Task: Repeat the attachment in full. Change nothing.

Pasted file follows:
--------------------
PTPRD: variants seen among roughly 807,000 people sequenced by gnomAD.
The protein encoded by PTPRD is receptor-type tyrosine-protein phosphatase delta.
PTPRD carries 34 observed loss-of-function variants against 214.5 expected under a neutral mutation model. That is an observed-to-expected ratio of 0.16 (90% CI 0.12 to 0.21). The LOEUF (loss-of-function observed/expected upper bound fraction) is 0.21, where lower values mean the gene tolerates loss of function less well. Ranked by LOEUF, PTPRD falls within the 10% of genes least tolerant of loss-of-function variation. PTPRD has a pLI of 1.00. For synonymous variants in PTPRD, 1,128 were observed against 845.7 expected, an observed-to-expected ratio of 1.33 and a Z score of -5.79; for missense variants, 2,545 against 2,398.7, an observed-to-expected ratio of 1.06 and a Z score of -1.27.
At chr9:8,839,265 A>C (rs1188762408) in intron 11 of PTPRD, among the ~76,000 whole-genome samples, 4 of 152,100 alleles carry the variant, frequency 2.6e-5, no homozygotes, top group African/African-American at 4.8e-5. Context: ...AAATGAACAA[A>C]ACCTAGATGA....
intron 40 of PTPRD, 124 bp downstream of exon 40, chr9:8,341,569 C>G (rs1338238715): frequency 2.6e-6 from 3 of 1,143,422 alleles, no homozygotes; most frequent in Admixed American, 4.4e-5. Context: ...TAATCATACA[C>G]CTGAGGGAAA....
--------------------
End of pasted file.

PTPRD: variants seen among roughly 807,000 people sequenced by gnomAD.
The protein encoded by PTPRD is receptor-type tyrosine-protein phosphatase delta.
PTPRD carries 34 observed loss-of-function variants against 214.5 expected under a neutral mutation model. That is an observed-to-expected ratio of 0.16 (90% CI 0.12 to 0.21). The LOEUF (loss-of-function observed/expected upper bound fraction) is 0.21, where lower values mean the gene tolerates loss of function less well. Ranked by LOEUF, PTPRD falls within the 10% of genes least tolerant of loss-of-function variation. PTPRD has a pLI of 1.00. For synonymous variants in PTPRD, 1,128 were observed against 845.7 expected, an observed-to-expected ratio of 1.33 and a Z score of -5.79; for missense variants, 2,545 against 2,398.7, an observed-to-expected ratio of 1.06 and a Z score of -1.27.
At chr9:8,839,265 A>C (rs1188762408) in intron 11 of PTPRD, among the ~76,000 whole-genome samples, 4 of 152,100 alleles carry the variant, frequency 2.6e-5, no homozygotes, top group African/African-American at 4.8e-5. Context: ...AAATGAACAA[A>C]ACCTAGATGA....
intron 40 of PTPRD, 124 bp downstream of exon 40, chr9:8,341,569 C>G (rs1338238715): frequency 2.6e-6 from 3 of 1,143,422 alleles, no homozygotes; most frequent in Admixed American, 4.4e-5. Context: ...TAATCATACA[C>G]CTGAGGGAAA....